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AUSTIN-Results from second-quarter multifamily reports indicate Austin may be approaching the bottom of the cycle. The Austin Investor Interests report and Capitol Market Research’s latest analysis showed rents continued to drop even though occupancy levels posted slight increases.

Austin Investor Interests reported a 0.49% increase to 88.88% in the second quarter while Capitol said occupancy rose to 90.3% from 90% at the end of 2001. Those occupancy increases, however small, are significant. Historically, Austin Investor Interests said, occupancy levels drop 1% to 2% in the second quarter as the thousands of college students in the area leave for the summer. In the 10 years the firm has tracked the market, the only other time that occupancy levels rose was second quarter 1998.

Despite the occupancy increases, rents continued to drop in the second quarter. Citywide, rents fell 5.3% in the past six months to 89 cents per sf, according to Capitol. That drop puts rents at fall 1999 levels. “This decline can be attributed to lower overall demand and the pervasive use of special rates and rental concessions to attract tenants,” Capitol said. Average rents for apartments completed since 1990 are 95 cents per sf, 5.3% higher than the market.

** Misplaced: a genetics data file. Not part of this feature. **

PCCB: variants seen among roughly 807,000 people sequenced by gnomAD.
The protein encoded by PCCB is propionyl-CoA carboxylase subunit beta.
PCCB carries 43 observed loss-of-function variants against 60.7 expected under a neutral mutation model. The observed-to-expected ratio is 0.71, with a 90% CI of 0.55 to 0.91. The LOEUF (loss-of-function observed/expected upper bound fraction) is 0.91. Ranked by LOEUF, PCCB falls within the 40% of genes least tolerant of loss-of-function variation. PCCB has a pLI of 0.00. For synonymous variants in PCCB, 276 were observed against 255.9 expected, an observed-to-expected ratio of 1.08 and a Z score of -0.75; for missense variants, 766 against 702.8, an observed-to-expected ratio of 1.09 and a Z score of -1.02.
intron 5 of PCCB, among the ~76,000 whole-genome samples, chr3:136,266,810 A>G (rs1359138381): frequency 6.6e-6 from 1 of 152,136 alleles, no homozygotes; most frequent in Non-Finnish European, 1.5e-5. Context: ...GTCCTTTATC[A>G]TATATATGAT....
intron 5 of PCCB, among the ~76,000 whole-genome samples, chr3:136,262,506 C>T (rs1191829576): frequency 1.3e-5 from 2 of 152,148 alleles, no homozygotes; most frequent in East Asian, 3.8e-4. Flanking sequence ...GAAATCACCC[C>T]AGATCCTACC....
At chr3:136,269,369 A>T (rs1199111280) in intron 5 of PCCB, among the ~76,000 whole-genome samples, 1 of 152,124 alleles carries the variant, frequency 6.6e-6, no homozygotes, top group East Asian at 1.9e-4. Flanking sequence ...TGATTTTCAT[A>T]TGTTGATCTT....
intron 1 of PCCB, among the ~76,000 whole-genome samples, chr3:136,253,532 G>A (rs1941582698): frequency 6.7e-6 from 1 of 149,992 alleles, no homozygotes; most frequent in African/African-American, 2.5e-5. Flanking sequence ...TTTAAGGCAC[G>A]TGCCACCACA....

Austin Investor Interest said the lower effective rents have narrowed the price gap between classes of apartments. As a result, the report said, tenants are moving to bigger amenity packages at lower prices instead of choosing location and convenience at higher prices.

Those pressures, in turn, could be causing lower occupancy levels in areas that cater to students such as Central Austin and San Marcos, according to Austin Investor Interests.Both reports said there has been positive absorption in the Austin market. For the first six months, 2,917 units were absorbed, exceeding the number of completions by 35, according to Capitol. The report cautions that 13 projects are under construction and will deliver another 3,500 units through year’s end. However, if jobs increase as expected, most of those units should be absorbed.

Some apartment developers have put a number of projects on hold. About two-thirds of the area’s proposed projects are on backburners as developers wait for a turn in market conditions, according to a report from Austin Investor Interests.

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